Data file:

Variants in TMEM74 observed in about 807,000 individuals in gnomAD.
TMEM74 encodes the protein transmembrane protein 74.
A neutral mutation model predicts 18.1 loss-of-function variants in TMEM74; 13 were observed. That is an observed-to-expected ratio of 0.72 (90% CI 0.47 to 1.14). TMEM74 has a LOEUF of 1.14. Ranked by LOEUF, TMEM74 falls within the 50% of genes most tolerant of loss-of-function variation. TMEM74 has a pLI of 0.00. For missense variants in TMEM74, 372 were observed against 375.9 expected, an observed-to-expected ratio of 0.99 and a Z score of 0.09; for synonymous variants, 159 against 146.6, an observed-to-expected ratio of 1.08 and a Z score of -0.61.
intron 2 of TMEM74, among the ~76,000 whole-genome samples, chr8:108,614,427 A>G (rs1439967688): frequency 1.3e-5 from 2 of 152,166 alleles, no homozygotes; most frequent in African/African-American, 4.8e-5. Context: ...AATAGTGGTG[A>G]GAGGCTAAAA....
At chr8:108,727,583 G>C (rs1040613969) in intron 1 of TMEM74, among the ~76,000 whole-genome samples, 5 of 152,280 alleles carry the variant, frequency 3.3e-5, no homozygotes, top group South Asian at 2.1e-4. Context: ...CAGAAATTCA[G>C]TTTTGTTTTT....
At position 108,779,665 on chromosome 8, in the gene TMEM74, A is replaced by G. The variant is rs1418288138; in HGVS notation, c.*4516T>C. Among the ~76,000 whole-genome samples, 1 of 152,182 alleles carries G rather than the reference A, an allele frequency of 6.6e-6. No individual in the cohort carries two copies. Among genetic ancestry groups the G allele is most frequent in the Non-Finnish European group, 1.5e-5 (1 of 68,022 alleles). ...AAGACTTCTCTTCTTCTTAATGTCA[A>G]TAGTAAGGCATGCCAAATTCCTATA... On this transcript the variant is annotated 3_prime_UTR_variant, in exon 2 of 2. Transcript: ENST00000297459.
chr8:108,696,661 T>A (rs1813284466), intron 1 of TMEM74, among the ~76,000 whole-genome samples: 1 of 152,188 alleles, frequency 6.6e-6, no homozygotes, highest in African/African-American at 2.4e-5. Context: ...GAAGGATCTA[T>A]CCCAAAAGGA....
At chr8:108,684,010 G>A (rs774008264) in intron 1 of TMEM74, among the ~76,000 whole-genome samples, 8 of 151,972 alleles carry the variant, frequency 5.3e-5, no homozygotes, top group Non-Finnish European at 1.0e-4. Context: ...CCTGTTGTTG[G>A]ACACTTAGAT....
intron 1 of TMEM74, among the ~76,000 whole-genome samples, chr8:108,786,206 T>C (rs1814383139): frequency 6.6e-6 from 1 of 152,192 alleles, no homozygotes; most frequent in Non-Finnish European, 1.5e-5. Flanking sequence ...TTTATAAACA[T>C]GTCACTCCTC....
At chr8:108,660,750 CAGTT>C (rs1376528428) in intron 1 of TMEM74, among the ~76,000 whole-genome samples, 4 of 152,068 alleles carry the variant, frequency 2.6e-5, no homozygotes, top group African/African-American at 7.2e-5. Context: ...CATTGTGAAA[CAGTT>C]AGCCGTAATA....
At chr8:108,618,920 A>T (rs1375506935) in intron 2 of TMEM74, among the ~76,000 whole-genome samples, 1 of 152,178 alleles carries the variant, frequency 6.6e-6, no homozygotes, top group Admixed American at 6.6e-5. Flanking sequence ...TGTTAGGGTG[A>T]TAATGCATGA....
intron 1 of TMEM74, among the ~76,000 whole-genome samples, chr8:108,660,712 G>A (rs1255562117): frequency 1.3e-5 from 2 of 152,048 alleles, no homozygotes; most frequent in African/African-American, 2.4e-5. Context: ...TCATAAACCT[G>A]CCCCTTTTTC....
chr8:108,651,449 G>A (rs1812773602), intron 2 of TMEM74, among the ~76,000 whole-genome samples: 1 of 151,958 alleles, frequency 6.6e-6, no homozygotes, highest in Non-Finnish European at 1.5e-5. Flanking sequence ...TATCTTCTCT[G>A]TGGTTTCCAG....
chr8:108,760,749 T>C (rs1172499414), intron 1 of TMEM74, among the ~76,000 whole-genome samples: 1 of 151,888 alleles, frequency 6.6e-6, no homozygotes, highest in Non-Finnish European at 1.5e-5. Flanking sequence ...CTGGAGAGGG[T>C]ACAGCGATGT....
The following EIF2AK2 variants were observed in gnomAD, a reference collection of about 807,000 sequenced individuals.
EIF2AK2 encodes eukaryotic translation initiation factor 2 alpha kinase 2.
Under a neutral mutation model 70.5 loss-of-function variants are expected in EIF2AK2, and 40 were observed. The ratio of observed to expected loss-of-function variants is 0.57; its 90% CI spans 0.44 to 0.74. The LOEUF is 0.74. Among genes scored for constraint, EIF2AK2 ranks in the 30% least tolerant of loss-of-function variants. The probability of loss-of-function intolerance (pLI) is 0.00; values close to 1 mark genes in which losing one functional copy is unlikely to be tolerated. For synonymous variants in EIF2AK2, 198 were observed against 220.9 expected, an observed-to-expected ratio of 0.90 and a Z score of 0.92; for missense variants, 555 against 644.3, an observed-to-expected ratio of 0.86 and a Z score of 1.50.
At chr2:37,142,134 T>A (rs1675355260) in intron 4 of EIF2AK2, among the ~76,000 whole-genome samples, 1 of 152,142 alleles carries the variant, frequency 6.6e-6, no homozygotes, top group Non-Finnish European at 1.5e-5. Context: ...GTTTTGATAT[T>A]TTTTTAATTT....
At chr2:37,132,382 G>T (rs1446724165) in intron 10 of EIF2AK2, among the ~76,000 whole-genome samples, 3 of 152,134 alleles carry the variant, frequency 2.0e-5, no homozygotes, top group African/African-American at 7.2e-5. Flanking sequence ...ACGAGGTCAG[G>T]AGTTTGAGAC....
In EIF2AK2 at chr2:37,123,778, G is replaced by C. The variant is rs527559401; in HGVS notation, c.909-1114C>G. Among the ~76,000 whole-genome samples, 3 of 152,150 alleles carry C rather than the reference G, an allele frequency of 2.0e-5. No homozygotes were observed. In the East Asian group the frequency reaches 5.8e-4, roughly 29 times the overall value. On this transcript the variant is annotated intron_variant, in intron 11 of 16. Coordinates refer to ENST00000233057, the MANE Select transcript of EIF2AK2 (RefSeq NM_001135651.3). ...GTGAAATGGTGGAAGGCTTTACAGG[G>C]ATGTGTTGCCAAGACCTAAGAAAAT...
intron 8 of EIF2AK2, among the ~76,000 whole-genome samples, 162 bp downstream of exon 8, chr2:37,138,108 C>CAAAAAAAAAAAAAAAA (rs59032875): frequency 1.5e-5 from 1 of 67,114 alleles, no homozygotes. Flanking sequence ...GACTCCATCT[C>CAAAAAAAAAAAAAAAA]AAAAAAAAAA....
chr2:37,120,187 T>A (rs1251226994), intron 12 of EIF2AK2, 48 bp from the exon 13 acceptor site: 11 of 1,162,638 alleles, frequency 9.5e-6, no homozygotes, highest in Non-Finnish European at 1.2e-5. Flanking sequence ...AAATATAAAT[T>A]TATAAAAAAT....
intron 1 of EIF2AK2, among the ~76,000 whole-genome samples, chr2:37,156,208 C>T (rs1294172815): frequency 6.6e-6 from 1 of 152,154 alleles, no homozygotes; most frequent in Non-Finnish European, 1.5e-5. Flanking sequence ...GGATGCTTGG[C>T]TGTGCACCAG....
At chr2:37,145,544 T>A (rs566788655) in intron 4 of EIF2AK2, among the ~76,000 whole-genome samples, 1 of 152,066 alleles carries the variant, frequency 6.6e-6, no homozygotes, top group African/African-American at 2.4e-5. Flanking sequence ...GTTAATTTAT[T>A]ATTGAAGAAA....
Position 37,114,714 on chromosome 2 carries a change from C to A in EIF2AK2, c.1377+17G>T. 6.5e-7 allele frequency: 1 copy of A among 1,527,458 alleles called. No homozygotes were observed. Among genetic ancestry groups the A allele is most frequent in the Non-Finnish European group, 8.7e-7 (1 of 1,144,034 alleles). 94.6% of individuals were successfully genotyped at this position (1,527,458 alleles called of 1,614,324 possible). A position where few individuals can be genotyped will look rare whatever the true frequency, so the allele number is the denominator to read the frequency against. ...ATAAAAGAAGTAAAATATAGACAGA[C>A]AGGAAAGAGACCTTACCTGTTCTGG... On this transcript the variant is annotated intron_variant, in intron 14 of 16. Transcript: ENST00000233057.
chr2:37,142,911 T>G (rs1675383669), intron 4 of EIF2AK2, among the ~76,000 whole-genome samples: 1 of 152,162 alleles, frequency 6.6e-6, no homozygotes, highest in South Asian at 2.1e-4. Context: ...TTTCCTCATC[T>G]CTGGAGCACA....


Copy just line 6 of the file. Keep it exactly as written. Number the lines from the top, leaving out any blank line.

At position 108,779,665 on chromosome 8, in the gene TMEM74, A is replaced by G. The variant is rs1418288138; in HGVS notation, c.*4516T>C. Among the ~76,000 whole-genome samples, 1 of 152,182 alleles carries G rather than the reference A, an allele frequency of 6.6e-6. No individual in the cohort carries two copies. Among genetic ancestry groups the G allele is most frequent in the Non-Finnish European group, 1.5e-5 (1 of 68,022 alleles). ...AAGACTTCTCTTCTTCTTAATGTCA[A>G]TAGTAAGGCATGCCAAATTCCTATA... On this transcript the variant is annotated 3_prime_UTR_variant, in exon 2 of 2. Transcript: ENST00000297459.